Meet My New Second Life Avatar (Which Reminded Me Why I Rarely Update My Second Life Avatar)
Amid all the Linden Lab tumult last month, I forgot to mention a small news item: After many years, my Second Life avatar Hamlet Au has undergone a major makeover. As with my previous one (which hasn't changed much since, oh, 2005), it's a stylized version of real life me, with a white suit as props to Tom Wolfe:
This new Hamlet comes to you thanks to the styling wisdom of Mr. Winter Jefferson, a master of male avatar fashion. Here's the key new features he selected:
- Skin: Belleza Thomas v2 SK 4
- Hair: MADesigns HAIR, "Bernard", Espresso color
- Eyes: Pulse-Avanti Eyes/Duccio
- Suit: SF Design Performance Suit - wearing Closed Jacket Grey, Shirt for prim collar, open collar slimmer, tie worn low and Pants with Lower Vest
This new Hamlet is a work in progress, as I'll probably be making tweaks here and there. Winter was extremely helpful and patient, as he took me from store to store, to buy and equip (and adjust) the items he'd pre-selected. But the whole process, I have to say, reminded me why I rarely adjust my avatar, because it crystallizes all my frustrations with Second Life as an experience and a virtual world with so much squandered potential:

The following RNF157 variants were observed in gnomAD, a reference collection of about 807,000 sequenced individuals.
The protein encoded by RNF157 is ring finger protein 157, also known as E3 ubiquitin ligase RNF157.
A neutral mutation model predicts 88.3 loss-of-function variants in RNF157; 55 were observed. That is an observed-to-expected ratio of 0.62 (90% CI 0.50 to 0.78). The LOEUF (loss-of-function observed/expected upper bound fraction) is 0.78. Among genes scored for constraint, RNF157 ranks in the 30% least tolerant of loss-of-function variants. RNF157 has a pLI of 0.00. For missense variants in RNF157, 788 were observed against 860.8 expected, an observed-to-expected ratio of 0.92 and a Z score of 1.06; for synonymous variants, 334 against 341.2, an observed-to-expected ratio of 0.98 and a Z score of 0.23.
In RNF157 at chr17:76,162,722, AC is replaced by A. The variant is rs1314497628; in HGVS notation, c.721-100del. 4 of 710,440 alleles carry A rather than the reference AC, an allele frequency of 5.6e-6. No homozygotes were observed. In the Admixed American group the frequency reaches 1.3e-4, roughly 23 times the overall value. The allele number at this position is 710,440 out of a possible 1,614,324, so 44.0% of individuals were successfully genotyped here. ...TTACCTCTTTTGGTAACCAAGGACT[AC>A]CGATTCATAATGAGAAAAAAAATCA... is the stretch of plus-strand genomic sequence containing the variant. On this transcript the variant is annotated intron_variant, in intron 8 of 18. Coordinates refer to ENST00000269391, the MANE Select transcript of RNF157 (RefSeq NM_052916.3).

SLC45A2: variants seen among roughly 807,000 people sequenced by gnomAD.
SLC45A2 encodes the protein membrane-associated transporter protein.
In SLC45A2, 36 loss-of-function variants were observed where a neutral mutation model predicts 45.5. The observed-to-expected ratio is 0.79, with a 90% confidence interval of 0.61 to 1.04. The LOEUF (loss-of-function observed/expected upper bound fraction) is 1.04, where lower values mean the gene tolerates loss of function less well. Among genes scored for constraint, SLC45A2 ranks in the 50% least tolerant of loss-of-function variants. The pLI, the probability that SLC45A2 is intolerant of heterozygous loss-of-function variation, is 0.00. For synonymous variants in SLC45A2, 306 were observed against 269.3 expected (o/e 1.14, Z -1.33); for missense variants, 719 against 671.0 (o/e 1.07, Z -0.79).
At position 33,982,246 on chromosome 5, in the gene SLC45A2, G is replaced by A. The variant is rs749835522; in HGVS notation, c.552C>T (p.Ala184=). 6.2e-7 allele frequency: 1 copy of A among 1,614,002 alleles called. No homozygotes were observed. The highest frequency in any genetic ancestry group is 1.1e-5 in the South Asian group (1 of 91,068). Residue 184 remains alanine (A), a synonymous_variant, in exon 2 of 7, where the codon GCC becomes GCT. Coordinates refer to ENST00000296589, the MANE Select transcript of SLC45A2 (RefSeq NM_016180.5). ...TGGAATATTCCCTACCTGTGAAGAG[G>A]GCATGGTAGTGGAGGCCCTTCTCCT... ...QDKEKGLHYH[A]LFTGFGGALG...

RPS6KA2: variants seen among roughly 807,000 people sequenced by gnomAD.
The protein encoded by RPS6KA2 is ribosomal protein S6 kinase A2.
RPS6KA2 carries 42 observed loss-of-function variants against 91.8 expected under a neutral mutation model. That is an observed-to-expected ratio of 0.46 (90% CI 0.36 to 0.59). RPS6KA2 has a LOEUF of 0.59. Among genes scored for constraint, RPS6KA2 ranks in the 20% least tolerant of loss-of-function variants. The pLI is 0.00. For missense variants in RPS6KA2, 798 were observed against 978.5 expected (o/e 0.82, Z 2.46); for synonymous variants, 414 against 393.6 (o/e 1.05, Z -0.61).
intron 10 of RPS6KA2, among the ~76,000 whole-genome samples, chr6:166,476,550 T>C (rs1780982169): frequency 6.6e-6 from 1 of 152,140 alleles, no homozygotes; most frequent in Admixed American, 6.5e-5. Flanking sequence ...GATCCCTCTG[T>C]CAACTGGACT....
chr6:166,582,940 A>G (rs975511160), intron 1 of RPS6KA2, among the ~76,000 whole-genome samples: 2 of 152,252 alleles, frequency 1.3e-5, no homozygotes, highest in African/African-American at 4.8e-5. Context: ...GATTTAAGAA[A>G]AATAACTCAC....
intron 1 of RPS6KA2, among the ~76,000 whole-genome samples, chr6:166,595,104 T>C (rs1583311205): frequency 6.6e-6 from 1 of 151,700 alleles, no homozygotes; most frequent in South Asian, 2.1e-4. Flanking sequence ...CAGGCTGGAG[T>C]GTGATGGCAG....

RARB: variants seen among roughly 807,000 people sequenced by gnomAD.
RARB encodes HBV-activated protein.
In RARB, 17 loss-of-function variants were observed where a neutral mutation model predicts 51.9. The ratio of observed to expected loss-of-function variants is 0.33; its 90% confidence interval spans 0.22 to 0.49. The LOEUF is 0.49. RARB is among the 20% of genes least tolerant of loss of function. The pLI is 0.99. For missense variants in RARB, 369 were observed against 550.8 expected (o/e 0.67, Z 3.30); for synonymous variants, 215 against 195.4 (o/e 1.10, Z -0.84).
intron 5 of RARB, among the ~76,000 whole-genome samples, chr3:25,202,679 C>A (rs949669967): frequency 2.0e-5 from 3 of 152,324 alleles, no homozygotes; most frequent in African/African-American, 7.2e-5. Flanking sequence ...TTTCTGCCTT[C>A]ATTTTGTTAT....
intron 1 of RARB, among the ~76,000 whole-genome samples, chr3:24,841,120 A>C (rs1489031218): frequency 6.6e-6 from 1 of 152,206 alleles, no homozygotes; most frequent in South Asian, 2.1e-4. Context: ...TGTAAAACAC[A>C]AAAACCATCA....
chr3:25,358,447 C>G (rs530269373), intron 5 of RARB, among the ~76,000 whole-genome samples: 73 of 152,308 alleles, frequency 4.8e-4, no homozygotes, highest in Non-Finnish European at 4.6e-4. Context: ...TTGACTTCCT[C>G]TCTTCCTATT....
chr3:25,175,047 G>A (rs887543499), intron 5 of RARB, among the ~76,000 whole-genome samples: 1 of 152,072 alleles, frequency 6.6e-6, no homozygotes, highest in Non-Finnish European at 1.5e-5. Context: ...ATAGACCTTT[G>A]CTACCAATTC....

While Second Life virtual fashion is among the world's most popular and lucrative forms of user-generated content, it is also among the most aggravating, confusing, user-unfriendly aspects of Second Life.
There are well over 1000 active Second Life blogs, most of which are devoted to SL fashion. The largest SL fashion blog is larger than the real life fashion blog of the Los Angeles Times. This speaks to the ingenuity of the SL community, who have thrived despite all the barriers imposed by SL itself.
For example, here is what my new hair looked like, when I first tried to fit it onto my head:
Stuff like this happens because there is no automated "snap to" or adjustment to Second Life hair attachments, which are themselves a workaround to the extremely limited hair customization options provided by default. But I was lucky to even find this hair piece at all, because I misplaced it in my inventory. (Yes, there are inventory filters, but if you have thousands of items in there, as I do, it's still a slow, time-consuming process, as the servers struggle to locate and display all your assets.) Compare this merciless Bataan Death March of interactivity to pretty much any popular virtual world or computer game, which generally come with a sleek, intuitive "paper doll" interface, and Second Life falls far short.
In fact, I'll go so far as to say this: over the last couple years, if Linden Lab had only concentrated on improving the avatar customization aspect of the user interface, so that it was about as user-friendly as The Sims franchise, user growth would be far far faster than what it is now.